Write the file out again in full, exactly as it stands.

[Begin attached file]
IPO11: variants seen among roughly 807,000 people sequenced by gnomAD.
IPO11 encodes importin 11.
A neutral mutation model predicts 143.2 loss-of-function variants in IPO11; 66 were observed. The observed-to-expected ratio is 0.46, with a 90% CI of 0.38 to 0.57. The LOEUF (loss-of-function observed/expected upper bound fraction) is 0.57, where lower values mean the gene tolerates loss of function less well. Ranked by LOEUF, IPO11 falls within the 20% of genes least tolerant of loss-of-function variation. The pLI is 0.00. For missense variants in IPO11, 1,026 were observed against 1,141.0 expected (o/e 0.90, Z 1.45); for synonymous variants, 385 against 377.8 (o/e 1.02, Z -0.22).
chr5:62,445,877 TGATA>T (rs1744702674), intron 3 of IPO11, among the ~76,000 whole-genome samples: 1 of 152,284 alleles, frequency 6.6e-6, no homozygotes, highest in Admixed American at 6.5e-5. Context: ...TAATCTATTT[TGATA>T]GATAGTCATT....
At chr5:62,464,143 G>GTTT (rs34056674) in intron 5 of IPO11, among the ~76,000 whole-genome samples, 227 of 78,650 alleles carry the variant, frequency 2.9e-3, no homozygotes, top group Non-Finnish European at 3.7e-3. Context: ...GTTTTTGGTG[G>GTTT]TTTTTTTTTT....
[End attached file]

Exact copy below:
IPO11: variants seen among roughly 807,000 people sequenced by gnomAD.
IPO11 encodes importin 11.
A neutral mutation model predicts 143.2 loss-of-function variants in IPO11; 66 were observed. The observed-to-expected ratio is 0.46, with a 90% CI of 0.38 to 0.57. The LOEUF (loss-of-function observed/expected upper bound fraction) is 0.57, where lower values mean the gene tolerates loss of function less well. Ranked by LOEUF, IPO11 falls within the 20% of genes least tolerant of loss-of-function variation. The pLI is 0.00. For missense variants in IPO11, 1,026 were observed against 1,141.0 expected (o/e 0.90, Z 1.45); for synonymous variants, 385 against 377.8 (o/e 1.02, Z -0.22).
chr5:62,445,877 TGATA>T (rs1744702674), intron 3 of IPO11, among the ~76,000 whole-genome samples: 1 of 152,284 alleles, frequency 6.6e-6, no homozygotes, highest in Admixed American at 6.5e-5. Context: ...TAATCTATTT[TGATA>T]GATAGTCATT....
At chr5:62,464,143 G>GTTT (rs34056674) in intron 5 of IPO11, among the ~76,000 whole-genome samples, 227 of 78,650 alleles carry the variant, frequency 2.9e-3, no homozygotes, top group Non-Finnish European at 3.7e-3. Context: ...GTTTTTGGTG[G>GTTT]TTTTTTTTTT....